The Cooking the Books column from the March 2014 issue of the Socialist Standard
In his column in the (London) Times (24 January) former Blair speech-writer Philip Collins recounted how he had met a ‘nameless plutocrat’ in Davos this year who had told him that Labour, despite its protestations to the contrary, was anti-business and that Miliband was indulging in ‘intellectual Marxism’. How ungrateful and how weird is the idea some people have of Marxism.
‘Mr Miliband does think Marx is a better prophet of capitalism than those who cannot see beyond their own profits. Quite right too. Business people believe in competition just so long as they are benefiting from it. They soon realise competition means somebody else might take their winnings. Echoing Adam Smith on the conspiracies that businessmen practised against the public, Marx pointed out capitalism’s inexorable tendency towards monopoly. Competition, in other words, producers its own grave-diggers.’
This is alright, except that Marx didn’t see all industries as necessarily ending up as a monopoly. He wrote rather of the concentration of production in bigger and bigger productive units and of the centralisation of the control of these by a ‘constantly diminishing number of magnates of capital’ (Capital, volume 1, chapter 32 on ‘The Historical Tendency of Capitalist Accumulation). For him, this was an expression of the fact that production had already become ‘socialised’, operated by co-operative labour of the working class as a whole. He envisaged that eventually the working class would organise to bring ownership and control into line with productive reality and ‘expropriate the expropriators,’ ushering in a socialist society based on the common ownership of land and industry with production directly for use not profit. This hasn’t happened but ‘intellectual Marxism’ still has to see this as being the future for humanity.
Labour’s answer to monopoly is not this (of course). It’s more competition. Miliband’s ambition, according to Collins, is to ‘reform capitalism’. Or, as shadow business Chuka Umunna told the Financial Times (16 January):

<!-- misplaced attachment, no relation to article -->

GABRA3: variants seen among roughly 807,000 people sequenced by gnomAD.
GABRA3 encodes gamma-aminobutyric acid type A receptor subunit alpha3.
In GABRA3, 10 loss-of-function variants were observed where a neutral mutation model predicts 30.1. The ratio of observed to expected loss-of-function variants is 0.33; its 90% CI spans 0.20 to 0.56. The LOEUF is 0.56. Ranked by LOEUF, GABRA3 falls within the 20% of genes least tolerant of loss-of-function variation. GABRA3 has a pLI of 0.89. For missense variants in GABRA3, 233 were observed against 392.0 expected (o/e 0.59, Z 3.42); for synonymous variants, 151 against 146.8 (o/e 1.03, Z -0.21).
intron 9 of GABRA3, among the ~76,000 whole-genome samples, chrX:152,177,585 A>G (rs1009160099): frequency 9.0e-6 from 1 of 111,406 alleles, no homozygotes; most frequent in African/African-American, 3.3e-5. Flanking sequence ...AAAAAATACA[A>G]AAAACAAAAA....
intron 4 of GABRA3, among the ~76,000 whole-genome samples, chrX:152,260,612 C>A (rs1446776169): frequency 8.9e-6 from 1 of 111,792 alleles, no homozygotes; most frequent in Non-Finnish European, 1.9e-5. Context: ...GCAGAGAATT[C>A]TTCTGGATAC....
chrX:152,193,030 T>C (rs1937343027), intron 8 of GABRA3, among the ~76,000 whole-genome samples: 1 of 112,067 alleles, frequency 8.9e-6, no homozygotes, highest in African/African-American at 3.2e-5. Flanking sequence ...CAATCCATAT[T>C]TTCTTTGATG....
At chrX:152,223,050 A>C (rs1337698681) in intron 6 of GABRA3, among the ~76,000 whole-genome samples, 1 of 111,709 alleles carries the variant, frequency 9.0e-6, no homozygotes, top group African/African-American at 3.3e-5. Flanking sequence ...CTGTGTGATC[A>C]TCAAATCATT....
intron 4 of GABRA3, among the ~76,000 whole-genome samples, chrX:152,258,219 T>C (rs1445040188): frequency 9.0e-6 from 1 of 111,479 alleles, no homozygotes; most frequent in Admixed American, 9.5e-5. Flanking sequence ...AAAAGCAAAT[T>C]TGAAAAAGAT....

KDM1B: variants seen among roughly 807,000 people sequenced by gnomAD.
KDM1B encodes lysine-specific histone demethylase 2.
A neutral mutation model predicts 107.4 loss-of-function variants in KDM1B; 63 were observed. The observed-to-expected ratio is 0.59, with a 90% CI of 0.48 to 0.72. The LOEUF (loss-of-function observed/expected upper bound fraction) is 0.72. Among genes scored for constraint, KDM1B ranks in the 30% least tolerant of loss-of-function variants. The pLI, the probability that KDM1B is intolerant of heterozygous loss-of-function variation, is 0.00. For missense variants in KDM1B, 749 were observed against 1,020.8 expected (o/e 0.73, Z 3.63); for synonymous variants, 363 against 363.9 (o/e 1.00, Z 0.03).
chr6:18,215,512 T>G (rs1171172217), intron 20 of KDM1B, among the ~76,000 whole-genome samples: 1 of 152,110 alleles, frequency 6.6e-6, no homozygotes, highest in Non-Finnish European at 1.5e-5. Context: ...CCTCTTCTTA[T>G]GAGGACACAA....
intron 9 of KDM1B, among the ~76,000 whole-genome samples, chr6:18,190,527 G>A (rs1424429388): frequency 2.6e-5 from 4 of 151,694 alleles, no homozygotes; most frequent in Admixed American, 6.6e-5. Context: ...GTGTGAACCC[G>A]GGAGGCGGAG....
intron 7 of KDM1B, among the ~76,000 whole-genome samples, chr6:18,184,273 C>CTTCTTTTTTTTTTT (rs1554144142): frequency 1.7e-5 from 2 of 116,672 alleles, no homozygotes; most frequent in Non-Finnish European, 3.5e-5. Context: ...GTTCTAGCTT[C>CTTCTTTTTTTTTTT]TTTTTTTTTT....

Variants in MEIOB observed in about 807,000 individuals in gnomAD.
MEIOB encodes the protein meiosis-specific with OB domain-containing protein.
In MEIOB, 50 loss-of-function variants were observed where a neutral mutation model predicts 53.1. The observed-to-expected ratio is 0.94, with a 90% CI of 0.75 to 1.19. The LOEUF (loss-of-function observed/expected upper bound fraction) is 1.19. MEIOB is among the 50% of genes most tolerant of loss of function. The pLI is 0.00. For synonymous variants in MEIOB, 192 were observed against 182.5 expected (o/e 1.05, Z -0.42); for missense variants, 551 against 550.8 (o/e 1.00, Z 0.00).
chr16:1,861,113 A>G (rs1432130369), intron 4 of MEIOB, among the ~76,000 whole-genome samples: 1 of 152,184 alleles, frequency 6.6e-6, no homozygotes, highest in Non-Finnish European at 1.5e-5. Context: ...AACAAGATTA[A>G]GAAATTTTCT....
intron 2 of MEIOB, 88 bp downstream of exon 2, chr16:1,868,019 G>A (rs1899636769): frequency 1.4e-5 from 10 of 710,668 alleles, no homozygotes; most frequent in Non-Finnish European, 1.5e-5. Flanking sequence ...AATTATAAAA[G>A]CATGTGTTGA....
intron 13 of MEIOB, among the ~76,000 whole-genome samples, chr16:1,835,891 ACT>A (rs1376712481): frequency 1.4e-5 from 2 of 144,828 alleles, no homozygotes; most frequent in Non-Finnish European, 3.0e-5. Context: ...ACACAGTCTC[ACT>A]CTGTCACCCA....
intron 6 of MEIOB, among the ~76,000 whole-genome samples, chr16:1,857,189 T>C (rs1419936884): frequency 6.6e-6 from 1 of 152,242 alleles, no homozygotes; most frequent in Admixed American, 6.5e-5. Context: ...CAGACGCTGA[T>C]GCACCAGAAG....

‘We are all capitalists now. The question is, what sort of capitalism do we want? We embrace free markets but we want competitive and free markets and more responsible capitalism.’
This is the opposite of what socialists want. Labour wants to mend capitalism; we want to end it.
Labour is not anti-capitalist or anti-business at all. Most ‘nameless plutocrats’ and ‘magnates of capital’ will know this perfectly well, but this hasn’t prevented them, and their supporters in the Tory party (the party of the rich, as most people recognise), raising a howl of protest at a rather innocuous Labour promise to restore the 50 percent rate of tax on that part of anyone’s income over £150,000 a year.
There is nothing anti-business about this as it is a tax on personal income whereas the aim of capitalist production is to extract and accumulate profits as more capital. It is not to provide a privileged income for capitalists, though of course it does do this. The ‘entrepreneurs’ (as capitalists prefer to call themselves these days) who London Evening Standard columnist Richard Godwin said he had met were behaving more capitalistically:
‘When they started their businesses, they had neither the means nor the inclination to withdraw a six-figure salary for themselves. They preferred to reinvest’ (29 January).
But the plutocrats and magnates are people and they like their privileged income and the lifestyle it enables them to enjoy. In complaining about an increase in their income tax they are not being pro-business. They are being pro-themselves. As Godwin put it, ‘That’s not entrepreneurship – it’s self-interest.’